As some schools gear up to offer computer science pilot programs in 2017, what options are out there for the kid who just wants to get ahead and learn? What choices can you offer a child whose passion is computers? Here are a few that stand out among the many online providers today.
Which one would suit your child?
Tyker provides free coding activities for children, starting as low as grade K+. Children can learn as they play as they make their way through fun computer programming courses. Tynker provides over 1000 coding activities in the form of self-paced courses, games, online creativity workshops, and kids can even collect badges along the way.
Code Studio has courses for kids starting at the age of four years old, and offers courses right up to the age of 18. They also offer traditional printed lessons, for those who don't have a computer in their study room. Kids can learn code while using their favorite movie characters, such as Elsa of Frozen and Rey of Star Wars.
Kano is a computer that anyone can make. The best part about Kano is that it is self-directed learning. Kids teach themselves how to make their own computer, what could give kids a better sense of accomplishment than that? It is currently sold out, but it is listed as being available again this month. At $149.99, it is a reasonably priced piece when you compare the learning value kids will obtain from it. And adults, who am I kidding. Big kids would love it!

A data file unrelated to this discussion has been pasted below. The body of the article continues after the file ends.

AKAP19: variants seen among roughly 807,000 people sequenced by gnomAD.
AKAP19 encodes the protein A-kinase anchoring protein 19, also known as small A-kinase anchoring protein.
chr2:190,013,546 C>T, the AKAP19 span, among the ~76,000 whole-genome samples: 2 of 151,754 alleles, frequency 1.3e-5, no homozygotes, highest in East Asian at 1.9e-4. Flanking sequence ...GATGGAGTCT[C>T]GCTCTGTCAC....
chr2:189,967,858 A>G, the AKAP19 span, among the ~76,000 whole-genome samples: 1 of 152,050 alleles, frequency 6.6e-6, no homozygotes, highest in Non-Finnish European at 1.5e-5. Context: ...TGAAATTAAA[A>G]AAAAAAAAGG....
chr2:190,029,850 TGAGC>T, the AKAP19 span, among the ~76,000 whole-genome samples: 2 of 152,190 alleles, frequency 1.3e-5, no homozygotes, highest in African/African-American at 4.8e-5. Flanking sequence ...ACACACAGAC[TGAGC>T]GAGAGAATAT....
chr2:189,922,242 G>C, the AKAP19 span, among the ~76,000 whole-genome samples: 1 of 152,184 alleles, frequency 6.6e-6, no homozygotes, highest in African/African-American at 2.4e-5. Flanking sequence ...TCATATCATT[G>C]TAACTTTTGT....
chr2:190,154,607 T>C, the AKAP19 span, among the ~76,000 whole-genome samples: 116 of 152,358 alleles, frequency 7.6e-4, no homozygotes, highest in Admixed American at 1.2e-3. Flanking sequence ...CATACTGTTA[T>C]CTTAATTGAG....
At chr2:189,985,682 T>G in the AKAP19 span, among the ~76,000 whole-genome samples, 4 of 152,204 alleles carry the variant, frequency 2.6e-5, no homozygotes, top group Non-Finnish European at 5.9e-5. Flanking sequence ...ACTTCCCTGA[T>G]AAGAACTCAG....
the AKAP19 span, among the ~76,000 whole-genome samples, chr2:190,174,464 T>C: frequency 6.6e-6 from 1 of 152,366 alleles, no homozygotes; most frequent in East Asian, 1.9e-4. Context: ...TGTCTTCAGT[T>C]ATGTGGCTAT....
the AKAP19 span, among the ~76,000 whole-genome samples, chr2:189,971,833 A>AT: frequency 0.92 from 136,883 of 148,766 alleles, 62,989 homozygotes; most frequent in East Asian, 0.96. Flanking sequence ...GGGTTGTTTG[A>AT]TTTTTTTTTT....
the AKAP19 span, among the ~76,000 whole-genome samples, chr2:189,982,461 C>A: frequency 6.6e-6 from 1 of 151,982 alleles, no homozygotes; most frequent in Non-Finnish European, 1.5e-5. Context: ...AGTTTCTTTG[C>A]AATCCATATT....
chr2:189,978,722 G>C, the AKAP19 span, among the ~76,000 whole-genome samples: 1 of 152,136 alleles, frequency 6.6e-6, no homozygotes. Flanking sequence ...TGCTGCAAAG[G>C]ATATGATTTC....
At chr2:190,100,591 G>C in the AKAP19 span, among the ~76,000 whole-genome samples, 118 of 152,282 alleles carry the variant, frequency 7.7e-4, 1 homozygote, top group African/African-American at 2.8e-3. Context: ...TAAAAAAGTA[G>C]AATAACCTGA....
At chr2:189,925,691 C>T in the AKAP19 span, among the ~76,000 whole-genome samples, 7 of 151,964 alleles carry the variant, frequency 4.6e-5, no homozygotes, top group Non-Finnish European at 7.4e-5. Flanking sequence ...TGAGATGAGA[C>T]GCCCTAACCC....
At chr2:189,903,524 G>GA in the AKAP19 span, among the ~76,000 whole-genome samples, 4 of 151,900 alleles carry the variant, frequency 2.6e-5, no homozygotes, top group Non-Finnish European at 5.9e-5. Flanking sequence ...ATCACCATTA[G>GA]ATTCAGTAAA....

Codecademy is arguably for adults, or teenagers who want a more serious level of instruction. However, some kids will love Codecademy and will excel in the lessons provided at a young age - some kids simply love learning and can excel beyond their years!
At Codecademy, anyone of any age can learn to code interactively, for free. If you wish to step up a level, you can upgrade to Codecademy Pro, which gives you access to advisors and a personalized learning plan.
Why Should Kids Learn To Code?
"Everyone should learn to code, because it teaches you how to think," ~ Steve Jobs
While coding may not be the right choice for all children, it will be exactly the right choice for some. Children can embrace their natural curiosity, while solving problems on their own terms. It may even propel children into a future of STEM related occupations. When it comes to spending time with devices, surely it is better to provide real educational experiences that are fun, rather than letting a kid roam free with app-based games?
What About Those Who Cannot Afford It?
There are organizations for that, too. Operation Spark, created by John Fraboni, aims to open new doors for disconnected youth by presenting the fastest route to a career in software development. Operation Spark offers a variety of programs and provides need-based scholarships to those who simply cannot afford tuition costs. It is a novel approach, and means those who need it most get the education they need to move ahead.